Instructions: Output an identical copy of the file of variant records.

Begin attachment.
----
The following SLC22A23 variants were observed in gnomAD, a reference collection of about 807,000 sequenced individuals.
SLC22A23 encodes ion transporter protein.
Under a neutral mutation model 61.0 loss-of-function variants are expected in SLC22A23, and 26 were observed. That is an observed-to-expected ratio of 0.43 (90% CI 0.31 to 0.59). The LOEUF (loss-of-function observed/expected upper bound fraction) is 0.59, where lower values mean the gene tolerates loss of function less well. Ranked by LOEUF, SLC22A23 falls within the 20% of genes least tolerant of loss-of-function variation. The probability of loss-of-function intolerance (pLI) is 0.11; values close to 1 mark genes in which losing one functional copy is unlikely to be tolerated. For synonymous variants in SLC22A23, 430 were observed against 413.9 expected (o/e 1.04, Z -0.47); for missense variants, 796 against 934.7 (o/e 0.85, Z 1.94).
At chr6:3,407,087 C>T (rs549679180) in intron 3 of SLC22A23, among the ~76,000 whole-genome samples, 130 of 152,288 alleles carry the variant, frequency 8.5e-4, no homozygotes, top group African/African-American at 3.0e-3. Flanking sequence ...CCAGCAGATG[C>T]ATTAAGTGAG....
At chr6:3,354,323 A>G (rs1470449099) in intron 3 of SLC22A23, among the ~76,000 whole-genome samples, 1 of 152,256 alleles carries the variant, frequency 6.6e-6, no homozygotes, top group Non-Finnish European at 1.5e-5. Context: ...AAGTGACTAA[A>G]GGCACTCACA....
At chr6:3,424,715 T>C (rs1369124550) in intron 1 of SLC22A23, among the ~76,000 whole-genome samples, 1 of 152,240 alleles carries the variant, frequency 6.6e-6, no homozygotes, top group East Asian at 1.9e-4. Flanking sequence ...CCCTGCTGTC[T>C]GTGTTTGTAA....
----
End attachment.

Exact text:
The following SLC22A23 variants were observed in gnomAD, a reference collection of about 807,000 sequenced individuals.
SLC22A23 encodes ion transporter protein.
Under a neutral mutation model 61.0 loss-of-function variants are expected in SLC22A23, and 26 were observed. That is an observed-to-expected ratio of 0.43 (90% CI 0.31 to 0.59). The LOEUF (loss-of-function observed/expected upper bound fraction) is 0.59, where lower values mean the gene tolerates loss of function less well. Ranked by LOEUF, SLC22A23 falls within the 20% of genes least tolerant of loss-of-function variation. The probability of loss-of-function intolerance (pLI) is 0.11; values close to 1 mark genes in which losing one functional copy is unlikely to be tolerated. For synonymous variants in SLC22A23, 430 were observed against 413.9 expected (o/e 1.04, Z -0.47); for missense variants, 796 against 934.7 (o/e 0.85, Z 1.94).
At chr6:3,407,087 C>T (rs549679180) in intron 3 of SLC22A23, among the ~76,000 whole-genome samples, 130 of 152,288 alleles carry the variant, frequency 8.5e-4, no homozygotes, top group African/African-American at 3.0e-3. Flanking sequence ...CCAGCAGATG[C>T]ATTAAGTGAG....
At chr6:3,354,323 A>G (rs1470449099) in intron 3 of SLC22A23, among the ~76,000 whole-genome samples, 1 of 152,256 alleles carries the variant, frequency 6.6e-6, no homozygotes, top group Non-Finnish European at 1.5e-5. Context: ...AAGTGACTAA[A>G]GGCACTCACA....
At chr6:3,424,715 T>C (rs1369124550) in intron 1 of SLC22A23, among the ~76,000 whole-genome samples, 1 of 152,240 alleles carries the variant, frequency 6.6e-6, no homozygotes, top group East Asian at 1.9e-4. Flanking sequence ...CCCTGCTGTC[T>C]GTGTTTGTAA....